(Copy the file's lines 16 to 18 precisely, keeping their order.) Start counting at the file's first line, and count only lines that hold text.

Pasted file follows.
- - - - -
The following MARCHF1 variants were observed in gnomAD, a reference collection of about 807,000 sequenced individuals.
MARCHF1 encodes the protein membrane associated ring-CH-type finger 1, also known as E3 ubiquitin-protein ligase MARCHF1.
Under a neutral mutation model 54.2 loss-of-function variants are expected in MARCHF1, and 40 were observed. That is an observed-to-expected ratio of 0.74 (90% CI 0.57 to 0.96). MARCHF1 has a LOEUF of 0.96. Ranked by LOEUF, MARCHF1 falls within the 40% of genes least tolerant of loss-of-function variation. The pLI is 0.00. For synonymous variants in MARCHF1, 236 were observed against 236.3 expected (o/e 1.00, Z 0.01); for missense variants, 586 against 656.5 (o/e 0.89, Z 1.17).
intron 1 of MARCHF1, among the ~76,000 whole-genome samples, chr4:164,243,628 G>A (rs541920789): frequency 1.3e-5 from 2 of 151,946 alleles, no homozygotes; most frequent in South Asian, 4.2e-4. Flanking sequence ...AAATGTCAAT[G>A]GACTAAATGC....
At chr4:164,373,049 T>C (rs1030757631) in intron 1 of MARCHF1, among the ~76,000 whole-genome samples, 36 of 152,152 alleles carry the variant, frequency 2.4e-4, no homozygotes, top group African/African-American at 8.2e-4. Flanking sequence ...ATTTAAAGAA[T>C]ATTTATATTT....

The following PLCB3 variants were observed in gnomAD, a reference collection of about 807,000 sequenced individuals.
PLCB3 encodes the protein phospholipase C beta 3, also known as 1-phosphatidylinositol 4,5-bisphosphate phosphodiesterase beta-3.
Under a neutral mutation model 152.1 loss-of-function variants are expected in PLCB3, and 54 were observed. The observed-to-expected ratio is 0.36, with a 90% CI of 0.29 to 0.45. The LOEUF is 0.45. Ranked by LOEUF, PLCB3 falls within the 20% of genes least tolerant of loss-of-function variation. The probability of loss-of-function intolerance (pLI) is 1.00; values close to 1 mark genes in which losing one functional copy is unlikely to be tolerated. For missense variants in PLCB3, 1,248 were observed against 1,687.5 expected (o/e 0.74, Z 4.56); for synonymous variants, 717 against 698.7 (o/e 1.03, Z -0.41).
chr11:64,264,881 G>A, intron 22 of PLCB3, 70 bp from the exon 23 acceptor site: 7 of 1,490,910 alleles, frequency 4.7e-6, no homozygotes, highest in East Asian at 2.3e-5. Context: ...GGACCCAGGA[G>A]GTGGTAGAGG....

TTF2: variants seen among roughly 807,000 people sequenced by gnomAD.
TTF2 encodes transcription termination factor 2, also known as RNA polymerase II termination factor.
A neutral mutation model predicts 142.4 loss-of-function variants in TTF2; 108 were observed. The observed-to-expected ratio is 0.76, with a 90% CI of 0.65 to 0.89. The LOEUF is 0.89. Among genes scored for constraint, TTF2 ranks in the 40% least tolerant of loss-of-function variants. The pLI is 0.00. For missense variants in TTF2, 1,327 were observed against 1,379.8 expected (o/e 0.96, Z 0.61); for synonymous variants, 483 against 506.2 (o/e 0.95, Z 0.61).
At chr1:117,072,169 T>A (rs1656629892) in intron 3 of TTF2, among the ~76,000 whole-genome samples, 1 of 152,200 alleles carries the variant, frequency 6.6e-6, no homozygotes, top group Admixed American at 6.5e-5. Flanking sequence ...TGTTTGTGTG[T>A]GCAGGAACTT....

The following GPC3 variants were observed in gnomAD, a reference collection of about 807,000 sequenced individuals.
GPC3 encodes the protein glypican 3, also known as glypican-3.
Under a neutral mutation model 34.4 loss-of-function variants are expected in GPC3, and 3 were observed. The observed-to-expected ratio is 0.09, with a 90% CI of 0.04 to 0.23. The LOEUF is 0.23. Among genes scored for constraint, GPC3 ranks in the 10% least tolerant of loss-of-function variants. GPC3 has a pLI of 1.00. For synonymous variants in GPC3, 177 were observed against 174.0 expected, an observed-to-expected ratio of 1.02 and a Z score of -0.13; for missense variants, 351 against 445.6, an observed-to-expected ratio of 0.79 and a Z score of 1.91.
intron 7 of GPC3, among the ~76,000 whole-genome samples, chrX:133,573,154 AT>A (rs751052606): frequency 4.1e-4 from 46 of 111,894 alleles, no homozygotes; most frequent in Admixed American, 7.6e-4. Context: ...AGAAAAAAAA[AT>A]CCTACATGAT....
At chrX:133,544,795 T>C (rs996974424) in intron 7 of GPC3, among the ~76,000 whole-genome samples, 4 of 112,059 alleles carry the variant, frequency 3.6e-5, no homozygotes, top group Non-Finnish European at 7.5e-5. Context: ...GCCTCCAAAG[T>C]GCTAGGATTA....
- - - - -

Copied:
Under a neutral mutation model 34.4 loss-of-function variants are expected in GPC3, and 3 were observed. The observed-to-expected ratio is 0.09, with a 90% CI of 0.04 to 0.23. The LOEUF is 0.23. Among genes scored for constraint, GPC3 ranks in the 10% least tolerant of loss-of-function variants. GPC3 has a pLI of 1.00. For synonymous variants in GPC3, 177 were observed against 174.0 expected, an observed-to-expected ratio of 1.02 and a Z score of -0.13; for missense variants, 351 against 445.6, an observed-to-expected ratio of 0.79 and a Z score of 1.91.
intron 7 of GPC3, among the ~76,000 whole-genome samples, chrX:133,573,154 AT>A (rs751052606): frequency 4.1e-4 from 46 of 111,894 alleles, no homozygotes; most frequent in Admixed American, 7.6e-4. Context: ...AGAAAAAAAA[AT>A]CCTACATGAT....
At chrX:133,544,795 T>C (rs996974424) in intron 7 of GPC3, among the ~76,000 whole-genome samples, 4 of 112,059 alleles carry the variant, frequency 3.6e-5, no homozygotes, top group Non-Finnish European at 7.5e-5. Context: ...GCCTCCAAAG[T>C]GCTAGGATTA....